What Is Cloud Automation & What Are the Benefits?
Cloud automation can reduce or eliminate the manual tasks required in today’s complex cloud environments. Find out how here.
What is cloud automation? Cloud automation refers to all processes and tools that reduce or eliminate human intervention when managing cloud computing workloads and services. Tasks include automatically provisioning infrastructure and organized compute resources, workflow version control, and performing backups.
What Is Cloud Automation?
Cloud automation uses software, hardware, or other tools to create automatic workflows that operate independently of direct administrator management. Without automation, cloud services and resources become almost impossible to control, much less do so effectively manually. Repetitive but necessary tasks like server setup, integration with cloud nodes, or sanitizing data streams essentially beg for automation.
As cloud environments grow, so does the complexity of those environments, to the point where automation is essential beyond a certain point of growth. This doesn’t even consider any attempts to scale effectively–at this point, automation is necessary.
That doesn’t mean that cloud environments just come packaged with automation tools. Some providers will offer them as part of your package, but these tools are more often tailored to your workloads, projects, and industry.
How Is Cloud Automation Different from On-Prem?
At the heart of the matter (automation), cloud and on-prem automation are basically the same. You take repetitive tasks, create workflows and pipelines to direct those tasks into complex jobs and let the automation tools run them.
However, cloud environments often have unique components that one doesn’t often find in on-prem systems. Some of the differences between cloud and on-prem automation are:
- Automating Virtual Infrastructure: Cloud services are much different than traditional on-prem solutions. That’s because the tiers of services, from end-user applications to back-end resource access, have different requirements and workflows controlling how they operate and interact with one another.
Following this, it’s critical for cloud automation tools to have the capacity to manage data and task flows between virtual services and across different environments, whether that’s different types of cloud infrastructure or different containerized applications.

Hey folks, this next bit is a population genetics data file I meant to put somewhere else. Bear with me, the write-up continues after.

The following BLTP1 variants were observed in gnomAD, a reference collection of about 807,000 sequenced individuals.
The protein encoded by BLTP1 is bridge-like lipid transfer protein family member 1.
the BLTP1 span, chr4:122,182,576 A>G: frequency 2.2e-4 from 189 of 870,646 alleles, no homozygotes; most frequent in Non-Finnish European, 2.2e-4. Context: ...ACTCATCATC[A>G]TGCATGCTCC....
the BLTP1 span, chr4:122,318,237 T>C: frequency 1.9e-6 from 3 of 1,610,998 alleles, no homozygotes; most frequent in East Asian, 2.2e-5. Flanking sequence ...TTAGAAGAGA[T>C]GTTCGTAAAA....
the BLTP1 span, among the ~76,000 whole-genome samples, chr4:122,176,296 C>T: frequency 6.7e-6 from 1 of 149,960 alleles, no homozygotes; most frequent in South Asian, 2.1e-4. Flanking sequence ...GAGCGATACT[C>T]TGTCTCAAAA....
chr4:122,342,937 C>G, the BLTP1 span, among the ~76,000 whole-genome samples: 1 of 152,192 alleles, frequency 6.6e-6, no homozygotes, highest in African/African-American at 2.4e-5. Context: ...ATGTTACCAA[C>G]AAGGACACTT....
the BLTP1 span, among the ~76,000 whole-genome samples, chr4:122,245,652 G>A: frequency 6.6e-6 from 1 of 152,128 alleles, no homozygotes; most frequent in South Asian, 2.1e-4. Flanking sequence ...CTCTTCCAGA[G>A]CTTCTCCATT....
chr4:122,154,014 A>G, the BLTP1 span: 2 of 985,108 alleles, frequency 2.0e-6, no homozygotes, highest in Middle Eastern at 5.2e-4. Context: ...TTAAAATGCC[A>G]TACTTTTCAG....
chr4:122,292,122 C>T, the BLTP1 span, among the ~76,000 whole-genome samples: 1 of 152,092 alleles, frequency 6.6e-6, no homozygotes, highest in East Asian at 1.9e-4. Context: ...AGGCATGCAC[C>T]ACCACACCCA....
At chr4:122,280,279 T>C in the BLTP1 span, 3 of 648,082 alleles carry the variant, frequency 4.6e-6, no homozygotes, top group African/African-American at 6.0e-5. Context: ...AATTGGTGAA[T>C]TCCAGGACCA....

- Automating Scalability: The real strength of cloud computing is that it provides scalable resources that can adjust to the increasing and decreasing demands of your workloads. However, this level of scalability requires complex re-provisioning of storage and compute resources that should be automated for sanity’s sake if there is no other reason.
What Are the Benefits of Cloud Automation?
Discussing the “benefits” of cloud automation is a bit like discussing the benefits of wheels on a car. It’s possible to break down just exactly why it’s a great idea to have those wheels, but the primary reason is that the car doesn’t really function without them.
Automation is much the same. Sure, you can develop cloud applications without automation if they are small enough scale and limited in scope (so, count out anything with analytics, machine learning, or dynamic resource usage). But any enterprise or research organization heavily invested in getting the most out of their cloud will use automation.
However, it’s still important to point out why. Some of the benefits of cloud automation include:
- Managing Resources at Scale: The cloud is a complex, distributed network of resources, from hardware to software, organized into nodes handling millions of incoming requests or powering data storage and retrieval flows 24/7. Configuring, testing, updating, and troubleshooting those resources is nearly impossible under normal working conditions, thus the benefit of automation in streamlining those operations.
- Maintaining Correctness: While human ingenuity is always welcome and needed in cloud development when it comes to handling the minute tasks of cloud management, it’s more important to have accuracy baked into maintenance at scale. Automation can give you that accuracy, minimizing errors and allowing your engineers to focus on other things than worrying about what component might fail.